I will admit that as a member of the hearing community, I don’t know nearly enough about deaf culture and the emotions behind members of the deaf community. I don’t understand the fears of falling in love with a hearing person, the way communication between the two worlds is an obstacle that seems insurmountable, but if that’s what Mark Medoff, Children of a Lesser God’s writer, wanted to attempt to convey, he didn’t do a good job of it and neither did Haines. For instance, the film focuses entirely too closely on the hearing world. Everything is filtered through James’ perspective and it’s a warped perspective.
The audience gets a glimpse of what it’s like to be deaf—the silence, the isolation—in two scenes. One scene sees Sarah and James at a dinner party that is almost completely silent, the conversation taking place exclusively in ASL between a handful of prominent deaf people, one of whom Sarah admires. But even in the scene, we don’t get complete silence. There are still the sounds of plates clinking and silverware scraping across ceramic and glasses being sat down on wooden coffee tables. If Haines had made the decision to cut out those superfluous sounds so the audience would hear nothing, just a yawning expanse of quiet, it might have made a bigger yet subtle educational impact.
The second scene, which focuses on Sarah’s isolation, is when Sarah is swimming in the school’s pool. This is equal parts isolation and silence, even as James and Sarah make a romantic connection. That romantic connection is done under the water, so James has a glimpse of the silence water affords him and it’s a little of what Sarah hears on a day to day basis, but even then, Michael Convertino’s lush score gets in the way when all the audience should have heard was what James heard.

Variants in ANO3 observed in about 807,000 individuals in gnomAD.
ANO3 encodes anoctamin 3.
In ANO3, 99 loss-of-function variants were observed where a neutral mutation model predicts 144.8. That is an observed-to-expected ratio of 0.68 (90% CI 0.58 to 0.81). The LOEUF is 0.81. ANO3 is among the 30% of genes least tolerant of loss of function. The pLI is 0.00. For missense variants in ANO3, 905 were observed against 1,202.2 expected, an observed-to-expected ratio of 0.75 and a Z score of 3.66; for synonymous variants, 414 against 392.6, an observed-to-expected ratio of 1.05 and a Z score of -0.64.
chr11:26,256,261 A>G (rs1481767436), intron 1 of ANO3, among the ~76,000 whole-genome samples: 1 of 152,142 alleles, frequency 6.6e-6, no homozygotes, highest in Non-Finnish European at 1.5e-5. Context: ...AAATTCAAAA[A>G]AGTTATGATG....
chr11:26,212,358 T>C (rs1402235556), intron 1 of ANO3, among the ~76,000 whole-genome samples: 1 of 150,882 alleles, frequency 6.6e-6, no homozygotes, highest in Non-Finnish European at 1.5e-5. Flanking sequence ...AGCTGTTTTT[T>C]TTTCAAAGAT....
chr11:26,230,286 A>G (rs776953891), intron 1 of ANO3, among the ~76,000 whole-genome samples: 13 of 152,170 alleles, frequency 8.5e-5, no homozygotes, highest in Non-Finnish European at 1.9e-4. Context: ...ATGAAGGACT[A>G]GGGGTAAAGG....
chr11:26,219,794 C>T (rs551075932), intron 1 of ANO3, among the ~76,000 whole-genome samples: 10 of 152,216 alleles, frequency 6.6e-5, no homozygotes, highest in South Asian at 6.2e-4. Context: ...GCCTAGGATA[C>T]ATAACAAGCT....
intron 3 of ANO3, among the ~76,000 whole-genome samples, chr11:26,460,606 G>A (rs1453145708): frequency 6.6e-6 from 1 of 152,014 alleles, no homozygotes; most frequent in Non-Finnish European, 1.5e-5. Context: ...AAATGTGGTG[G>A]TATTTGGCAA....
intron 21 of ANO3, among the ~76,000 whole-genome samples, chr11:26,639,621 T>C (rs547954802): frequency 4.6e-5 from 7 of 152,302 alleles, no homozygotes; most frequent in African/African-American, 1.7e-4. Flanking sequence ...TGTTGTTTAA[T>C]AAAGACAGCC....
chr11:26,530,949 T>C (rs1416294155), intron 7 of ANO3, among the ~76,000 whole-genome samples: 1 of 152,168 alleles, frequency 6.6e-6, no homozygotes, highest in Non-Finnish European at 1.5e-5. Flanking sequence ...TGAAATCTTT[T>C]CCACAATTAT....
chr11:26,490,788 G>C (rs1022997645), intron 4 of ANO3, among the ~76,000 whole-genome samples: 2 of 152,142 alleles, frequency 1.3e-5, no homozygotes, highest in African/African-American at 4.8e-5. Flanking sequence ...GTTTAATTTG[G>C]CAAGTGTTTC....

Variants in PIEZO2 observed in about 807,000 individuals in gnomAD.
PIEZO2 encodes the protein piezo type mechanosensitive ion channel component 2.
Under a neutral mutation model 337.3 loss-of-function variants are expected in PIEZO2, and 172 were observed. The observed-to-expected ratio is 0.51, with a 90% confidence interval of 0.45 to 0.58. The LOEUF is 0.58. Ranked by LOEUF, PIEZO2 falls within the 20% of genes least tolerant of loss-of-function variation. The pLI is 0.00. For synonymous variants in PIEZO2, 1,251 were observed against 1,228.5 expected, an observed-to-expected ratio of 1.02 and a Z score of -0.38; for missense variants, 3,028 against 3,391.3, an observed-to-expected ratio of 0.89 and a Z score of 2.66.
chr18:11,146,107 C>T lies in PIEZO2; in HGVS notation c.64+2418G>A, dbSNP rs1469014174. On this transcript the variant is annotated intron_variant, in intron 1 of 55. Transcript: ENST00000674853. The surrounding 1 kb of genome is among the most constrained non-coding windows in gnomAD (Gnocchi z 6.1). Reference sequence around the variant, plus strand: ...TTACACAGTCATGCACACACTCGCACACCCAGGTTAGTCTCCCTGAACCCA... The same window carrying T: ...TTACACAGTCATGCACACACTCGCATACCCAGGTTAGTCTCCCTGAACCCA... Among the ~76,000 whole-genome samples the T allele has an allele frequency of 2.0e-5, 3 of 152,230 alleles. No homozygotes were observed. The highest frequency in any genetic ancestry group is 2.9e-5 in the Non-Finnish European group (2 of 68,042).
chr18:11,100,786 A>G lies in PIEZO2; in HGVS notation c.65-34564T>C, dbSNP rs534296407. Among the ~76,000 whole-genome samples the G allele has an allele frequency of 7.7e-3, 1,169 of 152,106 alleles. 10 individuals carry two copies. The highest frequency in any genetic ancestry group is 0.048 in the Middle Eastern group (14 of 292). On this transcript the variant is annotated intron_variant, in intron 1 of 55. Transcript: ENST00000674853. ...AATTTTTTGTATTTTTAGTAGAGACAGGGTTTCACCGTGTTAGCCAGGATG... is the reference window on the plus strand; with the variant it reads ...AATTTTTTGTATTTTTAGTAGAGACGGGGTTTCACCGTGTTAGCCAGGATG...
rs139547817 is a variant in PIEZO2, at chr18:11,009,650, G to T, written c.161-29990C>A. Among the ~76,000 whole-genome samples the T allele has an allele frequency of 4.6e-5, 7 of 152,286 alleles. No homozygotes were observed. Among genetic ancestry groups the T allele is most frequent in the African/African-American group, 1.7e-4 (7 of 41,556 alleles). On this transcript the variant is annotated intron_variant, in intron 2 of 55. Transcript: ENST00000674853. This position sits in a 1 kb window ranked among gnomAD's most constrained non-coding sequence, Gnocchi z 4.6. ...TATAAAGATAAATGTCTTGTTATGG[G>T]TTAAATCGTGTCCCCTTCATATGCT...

Overall, Children of a Lesser God has a sound problem for a film that is so focused on deafness. Also, instead of subtitles translating the ASL Sarah speaks, James translates every word for her. Just another notch in the James Leeds is a horrible person belt. Since James speaks for Sarah, I feel we get very little of Sarah’s characterization which is a shame because Sarah is such an interesting character. She is damaged. She is angry and she is hurting, and I feel like we don’t get the full weight of that because of James being the one who constantly speaks for her.
I will give Matlin props, though. She deserved every bit of that Academy Award she won in 1986 for this film. At nineteen she was giving a performance that most seasoned actors could only dream of creating. She acts with her entire body in a performance that is at once stunning and heartbreaking. Hurt, despite playing a controlling character, also gives a great performance. But it’s the overarching way these characters are treated within the confines of the film that make the film frustrating and not all that enjoyable.
However, it did introduce audiences to deafness in a way that had never been done before. It did introduce audiences to Marlee Matlin, which is great because she’s a phenomenal actor. It’s just that some things could have and should have been done differently to fully encompass what it was trying to do.